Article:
As part of the ship’s crew, our duty to Cramer has structured our days here. Tuesday, as our last full day on the ship, was no exception; our afternoon was designated a “field day,” a time to clean and care for every inch of this ship that’s been our home this week and a half. The rain stopped as we finished field day, and we were rewarded with a beautiful, final night aboard, full of poetry, conversation, and songs.

two students
Isabella (Colby College, at left) and Morgan (Williams College) present the results of their study on light attenuation in the surface ocean.

Now, it’s early morning Wednesday. Everyone is still asleep but soon the ship will be abuzz as we prepare to get underway and head toward Rockland. Tonight, we will make our way back to Mystic as shipmates, ready for the next adventures of our fall semester.


Thank you to Captain Chris and the entire ship’s crew for a wonderful 10 days aboard the SSV Corwith Cramer! You can follow the last leg of our journey here — https://www.marinetraffic.com/en/ais/details/ships/shipid:426493/mmsi:366724450/imo:8617445/vessel:CORWITH_CRAMER — note, as always, that our position may not be current, as it’s updated periodically and not continuously.

On F’18’s First Day Aboard the Corwith Cramer, an Exciting Journey Awaits — and Lots of Mud

It’s day eight of our semester, and we’re embarking on a ten-day sailing voyage in the Gulf of Maine: an opportunity to experience life out of sight of land, and to learn about the ocean by living on it.

Monday, September 3, 2018
At anchor, Menemsha Bight, Martha’s Vineyard

It’s our second day aboard the SSV Corwith Cramer — and the eighth day of our Fall 2018 semester. Last Monday, our 17 students — representing 19 majors, 13 colleges and universities, and 12 US states — had just arrived on campus. Today, they’re embarking on a ten-day voyage in the Gulf of Maine: An opportunity to experience life out of sight of land, to work as part of the crew of a sailing ship, and to learn about the Atlantic firsthand, in the lab and on the deck.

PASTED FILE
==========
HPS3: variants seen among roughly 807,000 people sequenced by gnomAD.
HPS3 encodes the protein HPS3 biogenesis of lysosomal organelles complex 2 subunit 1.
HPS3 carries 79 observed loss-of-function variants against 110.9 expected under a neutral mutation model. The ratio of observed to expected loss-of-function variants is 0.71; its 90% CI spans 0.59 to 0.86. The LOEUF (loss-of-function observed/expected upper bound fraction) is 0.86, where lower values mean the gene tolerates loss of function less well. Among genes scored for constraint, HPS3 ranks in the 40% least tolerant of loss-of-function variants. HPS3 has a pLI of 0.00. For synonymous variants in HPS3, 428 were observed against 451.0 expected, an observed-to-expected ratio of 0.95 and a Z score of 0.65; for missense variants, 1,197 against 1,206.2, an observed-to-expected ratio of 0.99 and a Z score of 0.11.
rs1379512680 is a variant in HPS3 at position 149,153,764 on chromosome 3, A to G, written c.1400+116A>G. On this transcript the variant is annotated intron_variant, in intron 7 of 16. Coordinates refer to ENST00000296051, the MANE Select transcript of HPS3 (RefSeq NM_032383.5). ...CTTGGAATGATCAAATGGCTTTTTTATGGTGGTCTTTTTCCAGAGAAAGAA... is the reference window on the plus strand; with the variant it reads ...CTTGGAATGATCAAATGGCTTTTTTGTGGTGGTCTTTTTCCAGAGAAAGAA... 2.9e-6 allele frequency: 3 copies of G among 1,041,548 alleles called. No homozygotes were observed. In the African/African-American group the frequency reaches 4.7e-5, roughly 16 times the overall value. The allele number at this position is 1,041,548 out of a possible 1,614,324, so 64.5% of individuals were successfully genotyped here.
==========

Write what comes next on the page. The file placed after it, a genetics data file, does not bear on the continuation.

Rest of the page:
We — the F’18 class, oceanographer Lisa Gilbert (S’96), historian Alicia Maggard, and lab manager Laurie Warren (S’89) — left Mystic on Sunday morning. We boarded the Cramer in bustling Woods Hole just before lunch.

After a brief orientation from the ship’s professional crew, we cast off our dock lines and headed for our overnight anchorage in quiet Menemsha Bight, Martha’s Vineyard.

We plan to be sailing through the night for most of our 10 days aboard Corwith Cramer, taking turns sailing the ship, running science operations, and sleeping. Three groups, or watches, take responsibility for the ship for four or six hours at the time, under the direction of professional crew members acting as watch officers.

At anchor on Sunday, we continued orientation and safety training until sunset. Then, the stewards delighted us with a hearty meal of spaghetti, salad, and garlic bread. Soon after, we tucked into our bunks for a rare, full night of sleep at anchor.

This morning, we continued our training. We learned to furl sails on the bowsprit and practiced deploying scientific gear. C Watch even brought back a sample of the seafloor: some black, Menemsha mud, a quahog, and dozens of slipper limpets. It was our first glimpse into the world we’re passing through and over — a world we’re just beginning to discover.

3Sept_s2
Oceanographer Lisa Gilbert (S’96) digs into sediment samples with students Alejandro Flores Monge (Williams College ’21) and Dionna Jenkins (Smith College ’20).

TRACK OUR PROGRESS!

You can follow the Cramer’s journey at this link: https://www.marinetraffic.com/en/ais/details/ships/shipid:426493/mmsi:366724450/imo:8617445/vessel:CORWITH_CRAMER

Please note: The information on the location of the vessel is not always updated regularly. If you notice the vessel staying in the same location for extended periods of time, it simply means the website has not updated recently.